Memphis Riverfront:  Beautiful views, sculptures,  city and river overviews, great walking with the dogs.

Met another traveler here with a 1997 LTV! Almost twins 🙂

Driving Around… lots to see. Memphis is a huge city with lots of differing districts. Birthplace of the blues, soul and rock n’roll.

Beale Street Entertainment District… so quiet in the early morning!

Yep, Elvis is afoot!

ELVIS LIVES! Tours can be costly with parking an additional $10. Was not thrilled to find no shade or air-conditioned kennels in the paid parking area. I elected not to do the tour mostly as I felt it was too hot and humid to leave the dogs.  It would be probably be fun esp since I was there; however the cheap tour likley not so much, you’d probably want to do the Elvis Entourage VIP + Airplane Tour, but that’s nearly $100; maybe you could do the Elvis Experience Tour for $62 they sure have a slew of choices.  The generator on my rig is not working, but even so the lack of  shade was a deterrent….  there were a few spots with shade but they were filled.  The day was unseasonably hot. Walked all around the outer buildings, gift shops, soda fountains, candy store, etc.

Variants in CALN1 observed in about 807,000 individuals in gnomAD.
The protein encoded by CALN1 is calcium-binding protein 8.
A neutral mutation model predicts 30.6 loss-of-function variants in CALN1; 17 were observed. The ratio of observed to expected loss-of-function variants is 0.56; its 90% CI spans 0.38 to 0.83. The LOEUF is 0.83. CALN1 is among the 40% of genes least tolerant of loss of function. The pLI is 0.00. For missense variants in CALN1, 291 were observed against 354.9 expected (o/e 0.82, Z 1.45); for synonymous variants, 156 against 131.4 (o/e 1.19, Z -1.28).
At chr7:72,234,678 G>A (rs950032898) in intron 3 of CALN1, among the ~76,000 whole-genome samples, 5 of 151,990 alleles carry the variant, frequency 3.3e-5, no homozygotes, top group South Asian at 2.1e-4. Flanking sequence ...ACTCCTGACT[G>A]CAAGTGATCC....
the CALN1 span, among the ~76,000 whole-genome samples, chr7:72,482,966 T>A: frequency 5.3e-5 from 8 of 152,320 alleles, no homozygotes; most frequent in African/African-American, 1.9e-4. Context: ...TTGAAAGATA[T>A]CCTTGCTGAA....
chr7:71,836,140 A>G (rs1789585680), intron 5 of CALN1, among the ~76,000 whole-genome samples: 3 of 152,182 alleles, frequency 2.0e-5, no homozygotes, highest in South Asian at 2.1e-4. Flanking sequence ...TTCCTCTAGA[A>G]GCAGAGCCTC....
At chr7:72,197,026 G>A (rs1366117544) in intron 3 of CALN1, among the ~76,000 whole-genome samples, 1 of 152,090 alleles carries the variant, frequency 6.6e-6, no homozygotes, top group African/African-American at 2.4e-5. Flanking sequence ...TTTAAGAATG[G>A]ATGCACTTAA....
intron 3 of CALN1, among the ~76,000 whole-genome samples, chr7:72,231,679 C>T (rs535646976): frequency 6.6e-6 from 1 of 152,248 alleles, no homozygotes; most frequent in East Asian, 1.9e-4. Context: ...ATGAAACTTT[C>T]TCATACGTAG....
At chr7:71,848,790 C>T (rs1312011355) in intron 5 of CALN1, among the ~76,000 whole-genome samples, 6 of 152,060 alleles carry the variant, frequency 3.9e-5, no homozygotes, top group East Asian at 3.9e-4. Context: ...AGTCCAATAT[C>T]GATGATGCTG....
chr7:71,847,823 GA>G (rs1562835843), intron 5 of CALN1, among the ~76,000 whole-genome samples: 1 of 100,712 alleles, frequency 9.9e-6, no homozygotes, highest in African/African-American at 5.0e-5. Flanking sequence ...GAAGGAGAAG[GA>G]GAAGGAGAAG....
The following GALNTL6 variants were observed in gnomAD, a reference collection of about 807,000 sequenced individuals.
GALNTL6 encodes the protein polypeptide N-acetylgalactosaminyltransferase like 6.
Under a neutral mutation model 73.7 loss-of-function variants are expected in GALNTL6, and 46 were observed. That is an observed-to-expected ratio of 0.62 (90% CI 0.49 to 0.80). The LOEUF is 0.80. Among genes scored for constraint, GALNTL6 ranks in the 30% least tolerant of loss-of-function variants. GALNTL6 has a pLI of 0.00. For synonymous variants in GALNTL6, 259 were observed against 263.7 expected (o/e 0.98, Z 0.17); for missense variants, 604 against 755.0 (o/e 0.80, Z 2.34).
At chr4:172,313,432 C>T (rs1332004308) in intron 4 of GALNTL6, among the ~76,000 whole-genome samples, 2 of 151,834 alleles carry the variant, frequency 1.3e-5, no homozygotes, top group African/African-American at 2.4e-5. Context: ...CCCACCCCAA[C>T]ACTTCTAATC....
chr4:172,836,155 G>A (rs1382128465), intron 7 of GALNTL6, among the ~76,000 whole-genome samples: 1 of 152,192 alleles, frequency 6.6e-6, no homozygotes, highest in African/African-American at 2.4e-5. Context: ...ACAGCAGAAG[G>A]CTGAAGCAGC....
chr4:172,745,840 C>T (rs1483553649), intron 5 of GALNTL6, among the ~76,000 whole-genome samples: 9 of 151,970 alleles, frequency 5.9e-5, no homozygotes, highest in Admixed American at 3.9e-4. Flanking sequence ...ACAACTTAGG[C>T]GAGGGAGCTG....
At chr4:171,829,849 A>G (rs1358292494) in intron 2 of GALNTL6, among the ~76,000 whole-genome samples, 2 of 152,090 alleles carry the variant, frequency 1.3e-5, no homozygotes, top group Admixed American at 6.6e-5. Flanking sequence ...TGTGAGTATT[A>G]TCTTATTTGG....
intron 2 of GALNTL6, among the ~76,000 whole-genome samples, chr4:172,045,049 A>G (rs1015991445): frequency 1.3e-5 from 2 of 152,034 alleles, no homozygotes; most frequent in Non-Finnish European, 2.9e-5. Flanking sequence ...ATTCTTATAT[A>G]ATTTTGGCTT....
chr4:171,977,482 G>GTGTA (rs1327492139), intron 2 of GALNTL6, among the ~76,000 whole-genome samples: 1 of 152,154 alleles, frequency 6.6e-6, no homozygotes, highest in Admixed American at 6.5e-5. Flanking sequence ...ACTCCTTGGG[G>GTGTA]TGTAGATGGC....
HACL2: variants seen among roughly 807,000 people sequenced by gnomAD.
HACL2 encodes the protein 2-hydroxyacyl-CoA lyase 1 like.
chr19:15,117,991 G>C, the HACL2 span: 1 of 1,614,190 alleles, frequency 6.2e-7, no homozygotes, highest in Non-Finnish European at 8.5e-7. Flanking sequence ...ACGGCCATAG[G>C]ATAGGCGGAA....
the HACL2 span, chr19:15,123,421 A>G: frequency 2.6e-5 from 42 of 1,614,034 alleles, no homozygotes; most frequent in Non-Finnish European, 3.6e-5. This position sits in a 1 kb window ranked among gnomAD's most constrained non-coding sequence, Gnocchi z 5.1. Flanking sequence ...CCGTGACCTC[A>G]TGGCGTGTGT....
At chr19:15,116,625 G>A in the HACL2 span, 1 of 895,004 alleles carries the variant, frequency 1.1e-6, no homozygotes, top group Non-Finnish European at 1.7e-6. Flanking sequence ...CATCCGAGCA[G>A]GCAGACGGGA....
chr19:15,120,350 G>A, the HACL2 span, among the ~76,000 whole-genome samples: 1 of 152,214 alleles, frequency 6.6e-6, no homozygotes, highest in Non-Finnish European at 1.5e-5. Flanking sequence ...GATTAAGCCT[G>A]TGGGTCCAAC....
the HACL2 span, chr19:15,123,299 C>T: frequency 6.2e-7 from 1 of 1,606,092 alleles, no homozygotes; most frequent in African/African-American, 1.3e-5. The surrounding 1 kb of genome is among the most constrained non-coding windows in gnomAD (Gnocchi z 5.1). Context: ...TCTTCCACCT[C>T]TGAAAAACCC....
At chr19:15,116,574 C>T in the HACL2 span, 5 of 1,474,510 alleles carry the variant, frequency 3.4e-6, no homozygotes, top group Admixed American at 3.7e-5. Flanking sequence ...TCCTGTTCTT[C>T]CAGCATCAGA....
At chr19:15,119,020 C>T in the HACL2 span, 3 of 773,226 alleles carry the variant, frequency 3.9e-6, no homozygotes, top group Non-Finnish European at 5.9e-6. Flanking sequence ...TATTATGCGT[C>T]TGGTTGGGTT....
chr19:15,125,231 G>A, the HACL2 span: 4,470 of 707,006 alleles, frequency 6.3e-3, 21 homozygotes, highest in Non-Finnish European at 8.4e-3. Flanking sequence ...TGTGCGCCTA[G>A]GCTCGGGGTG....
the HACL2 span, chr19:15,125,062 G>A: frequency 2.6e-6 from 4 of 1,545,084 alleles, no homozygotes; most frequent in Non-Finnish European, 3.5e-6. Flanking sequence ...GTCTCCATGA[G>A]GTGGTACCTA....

Lots of people love this place. Just be prepared with plenty of cash.

I spent 2 nights in Memphis, nowhere near enough time to take in the music and art scene. Wound up crossing all over town taking care of errands, seeing a few museums and taking care of some simple repairs. Second night I spent at the State Park on storm watch! As the humidity and temperature increased so did my worry!

A pretty little lake park. almost no one was here. Hot storm slowly moving in.